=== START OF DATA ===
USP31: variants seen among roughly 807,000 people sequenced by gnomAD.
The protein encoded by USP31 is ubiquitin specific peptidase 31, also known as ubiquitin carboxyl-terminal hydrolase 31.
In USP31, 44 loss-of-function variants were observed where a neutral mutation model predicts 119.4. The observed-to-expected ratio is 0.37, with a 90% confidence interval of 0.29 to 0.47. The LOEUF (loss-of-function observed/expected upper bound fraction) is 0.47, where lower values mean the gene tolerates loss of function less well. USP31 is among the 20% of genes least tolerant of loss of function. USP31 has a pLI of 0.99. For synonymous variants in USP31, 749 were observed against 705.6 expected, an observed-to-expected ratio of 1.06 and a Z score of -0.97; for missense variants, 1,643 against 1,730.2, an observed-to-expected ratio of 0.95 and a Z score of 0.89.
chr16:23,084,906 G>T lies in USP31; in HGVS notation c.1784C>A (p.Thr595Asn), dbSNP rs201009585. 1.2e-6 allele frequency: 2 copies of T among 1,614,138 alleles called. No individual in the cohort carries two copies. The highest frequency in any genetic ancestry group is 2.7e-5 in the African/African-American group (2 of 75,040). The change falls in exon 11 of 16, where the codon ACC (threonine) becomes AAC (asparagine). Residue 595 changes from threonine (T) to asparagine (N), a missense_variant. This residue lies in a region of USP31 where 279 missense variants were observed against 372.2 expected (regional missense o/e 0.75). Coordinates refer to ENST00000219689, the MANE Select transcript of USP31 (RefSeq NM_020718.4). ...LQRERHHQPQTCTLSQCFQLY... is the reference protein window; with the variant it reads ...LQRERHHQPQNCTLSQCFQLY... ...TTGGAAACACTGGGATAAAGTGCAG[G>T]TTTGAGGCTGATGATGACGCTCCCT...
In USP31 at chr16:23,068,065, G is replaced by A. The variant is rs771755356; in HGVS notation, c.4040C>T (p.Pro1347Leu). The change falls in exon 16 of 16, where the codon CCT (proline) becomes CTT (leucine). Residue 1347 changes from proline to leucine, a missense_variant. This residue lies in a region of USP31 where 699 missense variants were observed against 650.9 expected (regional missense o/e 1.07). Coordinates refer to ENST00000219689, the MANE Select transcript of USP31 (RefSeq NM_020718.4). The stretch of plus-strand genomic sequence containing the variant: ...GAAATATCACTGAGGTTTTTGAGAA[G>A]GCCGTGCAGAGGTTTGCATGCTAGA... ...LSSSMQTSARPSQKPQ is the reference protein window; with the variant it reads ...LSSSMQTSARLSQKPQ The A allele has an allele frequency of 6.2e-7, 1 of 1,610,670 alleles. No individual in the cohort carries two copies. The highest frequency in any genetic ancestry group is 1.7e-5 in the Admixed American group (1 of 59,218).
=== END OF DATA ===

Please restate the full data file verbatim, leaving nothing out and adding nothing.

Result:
USP31: variants seen among roughly 807,000 people sequenced by gnomAD.
The protein encoded by USP31 is ubiquitin specific peptidase 31, also known as ubiquitin carboxyl-terminal hydrolase 31.
In USP31, 44 loss-of-function variants were observed where a neutral mutation model predicts 119.4. The observed-to-expected ratio is 0.37, with a 90% confidence interval of 0.29 to 0.47. The LOEUF (loss-of-function observed/expected upper bound fraction) is 0.47, where lower values mean the gene tolerates loss of function less well. USP31 is among the 20% of genes least tolerant of loss of function. USP31 has a pLI of 0.99. For synonymous variants in USP31, 749 were observed against 705.6 expected, an observed-to-expected ratio of 1.06 and a Z score of -0.97; for missense variants, 1,643 against 1,730.2, an observed-to-expected ratio of 0.95 and a Z score of 0.89.
chr16:23,084,906 G>T lies in USP31; in HGVS notation c.1784C>A (p.Thr595Asn), dbSNP rs201009585. 1.2e-6 allele frequency: 2 copies of T among 1,614,138 alleles called. No individual in the cohort carries two copies. The highest frequency in any genetic ancestry group is 2.7e-5 in the African/African-American group (2 of 75,040). The change falls in exon 11 of 16, where the codon ACC (threonine) becomes AAC (asparagine). Residue 595 changes from threonine (T) to asparagine (N), a missense_variant. This residue lies in a region of USP31 where 279 missense variants were observed against 372.2 expected (regional missense o/e 0.75). Coordinates refer to ENST00000219689, the MANE Select transcript of USP31 (RefSeq NM_020718.4). ...LQRERHHQPQTCTLSQCFQLY... is the reference protein window; with the variant it reads ...LQRERHHQPQNCTLSQCFQLY... ...TTGGAAACACTGGGATAAAGTGCAG[G>T]TTTGAGGCTGATGATGACGCTCCCT...
In USP31 at chr16:23,068,065, G is replaced by A. The variant is rs771755356; in HGVS notation, c.4040C>T (p.Pro1347Leu). The change falls in exon 16 of 16, where the codon CCT (proline) becomes CTT (leucine). Residue 1347 changes from proline to leucine, a missense_variant. This residue lies in a region of USP31 where 699 missense variants were observed against 650.9 expected (regional missense o/e 1.07). Coordinates refer to ENST00000219689, the MANE Select transcript of USP31 (RefSeq NM_020718.4). The stretch of plus-strand genomic sequence containing the variant: ...GAAATATCACTGAGGTTTTTGAGAA[G>A]GCCGTGCAGAGGTTTGCATGCTAGA... ...LSSSMQTSARPSQKPQ is the reference protein window; with the variant it reads ...LSSSMQTSARLSQKPQ The A allele has an allele frequency of 6.2e-7, 1 of 1,610,670 alleles. No individual in the cohort carries two copies. The highest frequency in any genetic ancestry group is 1.7e-5 in the Admixed American group (1 of 59,218).